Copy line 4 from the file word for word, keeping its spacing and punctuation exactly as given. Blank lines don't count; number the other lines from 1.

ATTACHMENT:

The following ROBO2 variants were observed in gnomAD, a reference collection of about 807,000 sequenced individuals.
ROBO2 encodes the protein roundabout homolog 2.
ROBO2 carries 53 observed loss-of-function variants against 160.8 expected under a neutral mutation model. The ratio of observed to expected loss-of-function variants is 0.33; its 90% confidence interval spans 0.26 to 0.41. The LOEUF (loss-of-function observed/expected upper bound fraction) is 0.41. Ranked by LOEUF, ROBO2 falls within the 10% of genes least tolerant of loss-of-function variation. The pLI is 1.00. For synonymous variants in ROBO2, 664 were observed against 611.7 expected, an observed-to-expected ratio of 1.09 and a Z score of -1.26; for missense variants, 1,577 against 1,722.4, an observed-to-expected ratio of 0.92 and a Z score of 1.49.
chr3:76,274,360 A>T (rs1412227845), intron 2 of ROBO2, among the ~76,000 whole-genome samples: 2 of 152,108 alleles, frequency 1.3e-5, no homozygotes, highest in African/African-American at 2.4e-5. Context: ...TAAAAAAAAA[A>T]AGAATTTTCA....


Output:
chr3:76,274,360 A>T (rs1412227845), intron 2 of ROBO2, among the ~76,000 whole-genome samples: 2 of 152,108 alleles, frequency 1.3e-5, no homozygotes, highest in African/African-American at 2.4e-5. Context: ...TAAAAAAAAA[A>T]AGAATTTTCA....